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Prudence, Demand Uncertainty, Background Risk, and the Law of Supply: A Nonexpected Utility Approach to the Firm*

Listed author(s):
  • Fanny Demers

    (Department of Economics, Carleton University, Ottawa, Ontario K1S 5B6, Canada)

  • Michel Demers

    (Department of Economics, Carleton University, Ottawa, Ontario K1S 5B6, Canada)

We identify two motives, prudence and risk aversion, which give rise to precautionary behavior for a quantity- or price-setting monopolist facing demand uncertainty who has dual theoretic preferences. We also analyze a piecewise linear profit function due to a tax on profits that varies with the profit level. We show that the comparative statics of greater risk (mean-preserving spread and mean-utility preserving spread) can be totally or partially determined by the Diamond-Stiglitz and Kihlstrom-Mirman single-crossing property. For example, for a prudent risk-averse quantity-setting dual theoretic monopolist, a mean-preserving spread will have the same impact on output under uncertainty as a fall in the state of demand under certainty. Finally, we find that, in contrast to expected utility, a stochastically larger state of demand (first-order stochastic dominance) will raise output even if background risk is present. The Geneva Papers on Risk and Insurance Theory (1997) 22, 21–42. doi:10.1023/A:1008607313575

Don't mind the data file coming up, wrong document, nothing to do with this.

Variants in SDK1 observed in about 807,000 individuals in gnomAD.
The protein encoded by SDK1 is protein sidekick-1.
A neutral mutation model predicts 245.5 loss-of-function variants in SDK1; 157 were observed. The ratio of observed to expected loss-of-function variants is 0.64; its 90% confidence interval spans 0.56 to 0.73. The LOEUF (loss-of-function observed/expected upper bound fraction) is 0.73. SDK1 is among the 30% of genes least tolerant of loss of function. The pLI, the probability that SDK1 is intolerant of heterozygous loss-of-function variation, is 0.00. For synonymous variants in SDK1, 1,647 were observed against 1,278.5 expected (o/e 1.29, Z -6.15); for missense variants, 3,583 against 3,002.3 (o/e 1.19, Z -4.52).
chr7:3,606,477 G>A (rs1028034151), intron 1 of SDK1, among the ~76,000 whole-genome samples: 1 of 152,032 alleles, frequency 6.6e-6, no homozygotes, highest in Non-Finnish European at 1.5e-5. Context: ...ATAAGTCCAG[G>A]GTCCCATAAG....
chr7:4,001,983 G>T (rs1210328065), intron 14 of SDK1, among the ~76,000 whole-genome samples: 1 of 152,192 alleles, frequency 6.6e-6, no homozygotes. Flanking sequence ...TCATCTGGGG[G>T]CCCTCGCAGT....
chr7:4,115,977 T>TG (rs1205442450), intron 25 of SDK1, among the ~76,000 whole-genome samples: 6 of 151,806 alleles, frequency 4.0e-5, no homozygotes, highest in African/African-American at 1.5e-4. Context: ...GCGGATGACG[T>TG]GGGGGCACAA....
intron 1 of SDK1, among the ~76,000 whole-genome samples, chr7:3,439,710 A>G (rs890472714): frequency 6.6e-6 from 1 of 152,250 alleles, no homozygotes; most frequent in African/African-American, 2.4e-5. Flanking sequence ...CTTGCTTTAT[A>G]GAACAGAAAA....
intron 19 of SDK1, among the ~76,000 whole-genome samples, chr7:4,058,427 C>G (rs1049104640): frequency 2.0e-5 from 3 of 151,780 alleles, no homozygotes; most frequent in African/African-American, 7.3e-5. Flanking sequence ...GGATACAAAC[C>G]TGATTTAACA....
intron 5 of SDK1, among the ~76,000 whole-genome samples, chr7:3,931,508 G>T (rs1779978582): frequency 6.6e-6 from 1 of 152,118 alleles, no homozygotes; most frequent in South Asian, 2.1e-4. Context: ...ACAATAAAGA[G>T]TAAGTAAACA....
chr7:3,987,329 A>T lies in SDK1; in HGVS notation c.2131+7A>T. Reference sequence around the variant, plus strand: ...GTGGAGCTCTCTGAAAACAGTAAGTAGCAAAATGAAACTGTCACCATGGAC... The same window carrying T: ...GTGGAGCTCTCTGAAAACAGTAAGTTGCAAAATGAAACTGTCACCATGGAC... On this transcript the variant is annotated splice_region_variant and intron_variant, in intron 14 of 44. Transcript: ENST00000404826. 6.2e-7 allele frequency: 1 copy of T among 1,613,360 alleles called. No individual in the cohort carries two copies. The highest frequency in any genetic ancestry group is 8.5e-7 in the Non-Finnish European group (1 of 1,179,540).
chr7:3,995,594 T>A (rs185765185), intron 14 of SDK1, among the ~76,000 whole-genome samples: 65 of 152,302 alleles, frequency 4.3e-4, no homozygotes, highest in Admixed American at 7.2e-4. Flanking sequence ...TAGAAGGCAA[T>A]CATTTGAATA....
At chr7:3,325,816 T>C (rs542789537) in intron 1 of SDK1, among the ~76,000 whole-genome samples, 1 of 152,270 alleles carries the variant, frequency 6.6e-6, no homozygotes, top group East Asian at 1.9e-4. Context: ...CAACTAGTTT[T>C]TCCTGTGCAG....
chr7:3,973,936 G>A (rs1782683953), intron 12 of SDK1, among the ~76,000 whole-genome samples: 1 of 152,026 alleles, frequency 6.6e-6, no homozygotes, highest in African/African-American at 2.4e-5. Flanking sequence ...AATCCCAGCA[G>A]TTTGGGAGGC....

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Article provided by Palgrave Macmillan & International Association for the Study of Insurance Economics (The Geneva Association) in its journal The Geneva Papers on Risk and Insurance Theory.

Volume (Year): 22 (1997)
Issue (Month): 1 (June)
Pages: 21-42

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Handle: RePEc:pal:genrir:v:22:y:1997:i:1:p:21-42
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